Emergence of the Nepali Nation-State: A Stepping Stone to Modernity

Authors

  • Bal Bahadur Thapa Central Department of English, Tribhuvan University, Kathmandu, Nepal

DOI:

https://doi.org/10.3126/bovo.v5i1.64367

Keywords:

nation-state, capitalism, modernity, Nepali nationalism, historical institutionalism

Abstract

The present study examines traces of nation-state and nationalist capitalism in Prithvi Narayan Shah’s Dibya Upadesh, a collection of royal edicts, in the light of relevant historical details. As Prithvi Narayan Shah’s campaign of uniting the princely states has been very contentious one, the scholars have different opinions regarding it. With the abolition of monarchy and rise of the identity politics in Nepal in the recent years, there is no dearth of scholars, who are bent on proving Prithvi Narayan Shah’s venture as a colonial and expansionist campaign triggered by his greed for property and power. However, this dissertation does not try to judge him in terms of needs and values of the present Nepali society. Instead, this study, keeping the values and constraints of the then historical period, examines Prithvi Narayan’s venture in terms of its consequences and thus claims that Prithvi Narayan Shah’s unifying campaign contributed to the rise of nascent nation-state and nationalist capitalism in Nepal. As the nascent nation-state based on the Hinduism, the hill culture and the Nepali [Gorkhali] language set the path of the history of modern Nepal, it has remained a semi-feudal and premodern state at the core. Regarding nation-state, capitalism and modernity, this qualitative as well as interpretive study employs the relevant ideas of Kathleen Thelen, David Gellner, Anthony Giddens, Benedict Anderson, Ernest Renan, Mark Leichty, and Mahesh Chandra Regmi, among others.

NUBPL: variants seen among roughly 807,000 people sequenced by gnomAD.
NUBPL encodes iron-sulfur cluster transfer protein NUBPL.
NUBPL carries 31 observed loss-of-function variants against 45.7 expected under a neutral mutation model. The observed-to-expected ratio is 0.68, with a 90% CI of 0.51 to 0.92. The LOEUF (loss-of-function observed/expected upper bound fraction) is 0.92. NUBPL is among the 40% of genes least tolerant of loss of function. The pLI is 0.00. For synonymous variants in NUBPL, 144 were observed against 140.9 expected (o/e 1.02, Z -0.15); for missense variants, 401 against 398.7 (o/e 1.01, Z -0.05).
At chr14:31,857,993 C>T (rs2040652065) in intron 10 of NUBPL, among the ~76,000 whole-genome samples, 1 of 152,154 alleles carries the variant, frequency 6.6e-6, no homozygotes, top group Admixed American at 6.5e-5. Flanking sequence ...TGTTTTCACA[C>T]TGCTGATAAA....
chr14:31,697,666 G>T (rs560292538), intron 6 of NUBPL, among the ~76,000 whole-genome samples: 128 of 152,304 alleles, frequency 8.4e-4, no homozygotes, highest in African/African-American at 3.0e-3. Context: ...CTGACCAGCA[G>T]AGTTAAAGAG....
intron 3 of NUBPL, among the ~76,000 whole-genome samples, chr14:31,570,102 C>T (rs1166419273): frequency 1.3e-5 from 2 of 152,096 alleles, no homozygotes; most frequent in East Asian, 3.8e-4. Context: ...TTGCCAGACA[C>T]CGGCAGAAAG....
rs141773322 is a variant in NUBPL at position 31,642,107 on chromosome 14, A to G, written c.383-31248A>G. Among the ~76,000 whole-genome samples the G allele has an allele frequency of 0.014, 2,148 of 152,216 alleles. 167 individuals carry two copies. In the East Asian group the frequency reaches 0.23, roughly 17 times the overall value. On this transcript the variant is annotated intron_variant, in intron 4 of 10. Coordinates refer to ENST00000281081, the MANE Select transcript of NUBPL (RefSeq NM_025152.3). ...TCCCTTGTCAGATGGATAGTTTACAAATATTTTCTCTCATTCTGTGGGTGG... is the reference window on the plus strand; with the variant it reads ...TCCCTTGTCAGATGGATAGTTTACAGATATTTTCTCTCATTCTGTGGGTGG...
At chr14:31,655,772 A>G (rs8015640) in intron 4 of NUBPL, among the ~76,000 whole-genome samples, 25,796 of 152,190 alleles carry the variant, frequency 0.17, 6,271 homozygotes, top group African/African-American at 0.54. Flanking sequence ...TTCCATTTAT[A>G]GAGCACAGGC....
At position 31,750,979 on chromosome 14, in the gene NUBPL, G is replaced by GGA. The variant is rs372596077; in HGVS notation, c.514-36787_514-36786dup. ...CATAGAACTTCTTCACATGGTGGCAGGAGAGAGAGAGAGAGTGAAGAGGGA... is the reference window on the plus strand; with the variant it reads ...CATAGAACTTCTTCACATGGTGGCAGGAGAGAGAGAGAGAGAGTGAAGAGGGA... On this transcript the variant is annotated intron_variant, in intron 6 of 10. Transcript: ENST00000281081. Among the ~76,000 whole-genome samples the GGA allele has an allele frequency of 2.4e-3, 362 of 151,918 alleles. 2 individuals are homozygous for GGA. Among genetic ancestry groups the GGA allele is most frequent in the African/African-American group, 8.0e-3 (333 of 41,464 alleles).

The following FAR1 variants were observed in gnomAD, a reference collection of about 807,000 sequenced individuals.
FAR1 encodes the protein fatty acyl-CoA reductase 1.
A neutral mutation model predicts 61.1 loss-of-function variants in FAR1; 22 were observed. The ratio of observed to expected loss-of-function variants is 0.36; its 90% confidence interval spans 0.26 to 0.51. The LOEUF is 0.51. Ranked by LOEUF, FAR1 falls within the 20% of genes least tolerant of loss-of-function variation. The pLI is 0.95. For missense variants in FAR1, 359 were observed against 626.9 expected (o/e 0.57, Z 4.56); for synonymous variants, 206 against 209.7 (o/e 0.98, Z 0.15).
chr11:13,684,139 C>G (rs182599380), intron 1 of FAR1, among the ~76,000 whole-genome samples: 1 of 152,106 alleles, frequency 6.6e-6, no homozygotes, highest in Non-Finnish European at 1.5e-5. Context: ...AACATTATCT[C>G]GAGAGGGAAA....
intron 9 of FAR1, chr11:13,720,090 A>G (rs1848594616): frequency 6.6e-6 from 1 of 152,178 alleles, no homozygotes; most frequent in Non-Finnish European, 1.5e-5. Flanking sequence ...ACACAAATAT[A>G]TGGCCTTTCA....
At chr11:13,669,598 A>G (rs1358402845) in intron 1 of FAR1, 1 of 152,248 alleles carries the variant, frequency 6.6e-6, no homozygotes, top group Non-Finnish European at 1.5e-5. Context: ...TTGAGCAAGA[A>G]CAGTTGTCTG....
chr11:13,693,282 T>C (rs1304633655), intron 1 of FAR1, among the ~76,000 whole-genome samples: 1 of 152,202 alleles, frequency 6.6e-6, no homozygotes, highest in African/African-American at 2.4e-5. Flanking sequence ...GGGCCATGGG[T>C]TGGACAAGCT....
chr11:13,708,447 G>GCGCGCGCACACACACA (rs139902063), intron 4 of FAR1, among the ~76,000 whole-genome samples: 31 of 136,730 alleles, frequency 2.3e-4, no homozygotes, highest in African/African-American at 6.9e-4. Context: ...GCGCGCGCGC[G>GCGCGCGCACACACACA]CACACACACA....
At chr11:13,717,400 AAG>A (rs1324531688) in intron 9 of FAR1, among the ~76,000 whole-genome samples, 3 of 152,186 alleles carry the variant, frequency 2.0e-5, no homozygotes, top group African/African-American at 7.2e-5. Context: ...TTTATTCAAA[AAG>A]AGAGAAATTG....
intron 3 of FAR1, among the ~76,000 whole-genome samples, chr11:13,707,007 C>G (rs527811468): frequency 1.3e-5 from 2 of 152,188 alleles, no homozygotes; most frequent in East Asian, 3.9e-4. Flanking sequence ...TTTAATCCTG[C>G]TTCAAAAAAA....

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Published

2023-12-31

How to Cite

Thapa, B. B. (2023). Emergence of the Nepali Nation-State: A Stepping Stone to Modernity. Bon Voyage, 5(1), 14–30. https://doi.org/10.3126/bovo.v5i1.64367

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